The man who knew
October 4, 2002 7:02 AM   Subscribe

The man who knew was John O'Neill, former FBI counterterrorism expert who spent six years connecting the dots to bin Laden and the World Trade Center/Pentagon attacks last year. Last night Frontline broadcast an excellent documentary on the tragic ironies of his life, detailing the actions of the fatuous bureaucrats who stymied his investigations, and his own death in the World Trade Center. This one-man Office of Homeland Security shows that it's not about money or departments or posturing or color-coded alerts -- it's about a commitment to truth and a willingess to act.
posted by skimble (16 comments total) 1 user marked this as a favorite
Thanks for the link, skimble. Just two days ago I read the Exile's significantly more sinister take on O'Neill's life. From the article:
bin Laden's most ardent pursuer getting killed by bin Laden's soldiers in his first day at his new job
Coincidence? You be the judge. One man's tragic irony is another man's dark conspiracy, after all. I'll have to go read the PBS account for balance...
posted by BinGregory at 7:23 AM on October 4, 2002

a commitment to truth
how disgusting. that concept flies in the face of the principles our government stands for.
posted by quonsar at 7:32 AM on October 4, 2002

you said it well skimble. God rest O'Neill.

what is sinister about this article, IYO, bingregory?
posted by clavdivs at 7:35 AM on October 4, 2002

(sidenote): quonsar, better start backing your rhetoric, m'kay. you can start with the reparations thread.
posted by clavdivs at 7:41 AM on October 4, 2002

I was characterizing the Exile article I linked to. Here's an excerpt:
This account of how a local ambassador was able to thwart the single most important investigation to America’s national security just because she didn’t like the lead investigator’s manners is impossible to swallow. What’s more incredible is that the FBI allegedly wasn’t allowed to return to Yemen to continue their investigation until Bodine left her ambassadorship in August 2001. Keep that date in mind, August 2001. A lot of people seemed to retire right around then. But I’ll get to that later.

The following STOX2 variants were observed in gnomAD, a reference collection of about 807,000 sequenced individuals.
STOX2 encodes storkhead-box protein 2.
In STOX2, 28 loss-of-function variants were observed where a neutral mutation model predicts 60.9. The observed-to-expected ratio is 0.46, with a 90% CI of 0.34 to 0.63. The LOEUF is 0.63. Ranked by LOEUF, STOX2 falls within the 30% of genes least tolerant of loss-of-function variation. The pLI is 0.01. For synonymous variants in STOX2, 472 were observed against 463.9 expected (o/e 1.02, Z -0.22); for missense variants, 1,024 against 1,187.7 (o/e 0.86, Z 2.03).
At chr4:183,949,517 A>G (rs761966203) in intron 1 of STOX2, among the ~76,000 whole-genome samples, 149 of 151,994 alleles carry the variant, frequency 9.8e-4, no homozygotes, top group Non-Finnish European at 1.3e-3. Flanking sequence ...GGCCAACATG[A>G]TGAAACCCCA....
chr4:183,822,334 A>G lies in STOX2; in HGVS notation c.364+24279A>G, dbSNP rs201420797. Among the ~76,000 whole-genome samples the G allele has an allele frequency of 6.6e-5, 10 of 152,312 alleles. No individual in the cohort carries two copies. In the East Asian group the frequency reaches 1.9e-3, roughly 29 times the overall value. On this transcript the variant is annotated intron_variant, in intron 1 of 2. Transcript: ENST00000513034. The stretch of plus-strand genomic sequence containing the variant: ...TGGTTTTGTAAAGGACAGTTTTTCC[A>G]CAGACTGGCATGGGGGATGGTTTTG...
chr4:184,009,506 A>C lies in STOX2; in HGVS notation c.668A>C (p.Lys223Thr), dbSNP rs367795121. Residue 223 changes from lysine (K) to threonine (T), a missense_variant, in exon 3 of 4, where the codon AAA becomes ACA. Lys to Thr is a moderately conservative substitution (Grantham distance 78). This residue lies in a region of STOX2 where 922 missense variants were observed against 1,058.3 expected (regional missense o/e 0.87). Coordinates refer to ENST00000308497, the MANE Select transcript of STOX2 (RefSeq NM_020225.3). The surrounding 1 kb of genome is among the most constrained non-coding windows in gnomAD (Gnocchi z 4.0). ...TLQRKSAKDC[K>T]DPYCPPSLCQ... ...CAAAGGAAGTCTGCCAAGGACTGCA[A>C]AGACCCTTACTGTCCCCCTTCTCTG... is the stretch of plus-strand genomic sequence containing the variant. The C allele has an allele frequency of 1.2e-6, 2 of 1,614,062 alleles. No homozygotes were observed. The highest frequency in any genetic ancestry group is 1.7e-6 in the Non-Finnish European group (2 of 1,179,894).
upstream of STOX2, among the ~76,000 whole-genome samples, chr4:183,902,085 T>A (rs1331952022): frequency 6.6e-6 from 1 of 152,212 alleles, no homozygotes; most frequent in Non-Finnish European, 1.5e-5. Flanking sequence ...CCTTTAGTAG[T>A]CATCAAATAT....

Me, I'm content to blame the fatuous bureaucrats.
posted by BinGregory at 7:51 AM on October 4, 2002

Frontline, IMO, is well balanced show. i believe they addressed these issues you speak of BinGregory.
posted by clavdivs at 8:03 AM on October 4, 2002

Indeed. Indeed they did. I linked to Exile because it appears that they scooped Frontline. That deserves a little credit. Like you say though, Frontline puts a very human face on this amazing string of events. Letting my personal biases show, though, I still have to wonder what pressure might have been brought on Bodine to make her jam O'Neill like that. I look west...
posted by BinGregory at 8:17 AM on October 4, 2002

i value the link you put up BinGregory. It is what this place is partly about. point -counterpoint, at least in the comments.
i was rattled by this show and share your sentiment on the bureaucratic thing.

my take is that Bodine was bowing to Yemeni wishes. she believed the damage to u.s.-yemeni relations would be crippled if not ruined if we went into investigate like a bunch of cowboys. there is some merit to this. But the Key is that O'Neill perceived an even greater danger then ruffling the yemenis' feathers.
perhaps he was right.
posted by clavdivs at 8:28 AM on October 4, 2002

I would like that Exile article better if it weren't so sneeringly certain of its interpretation of events. The way they trash and mischaracterize The Siege is emblematic: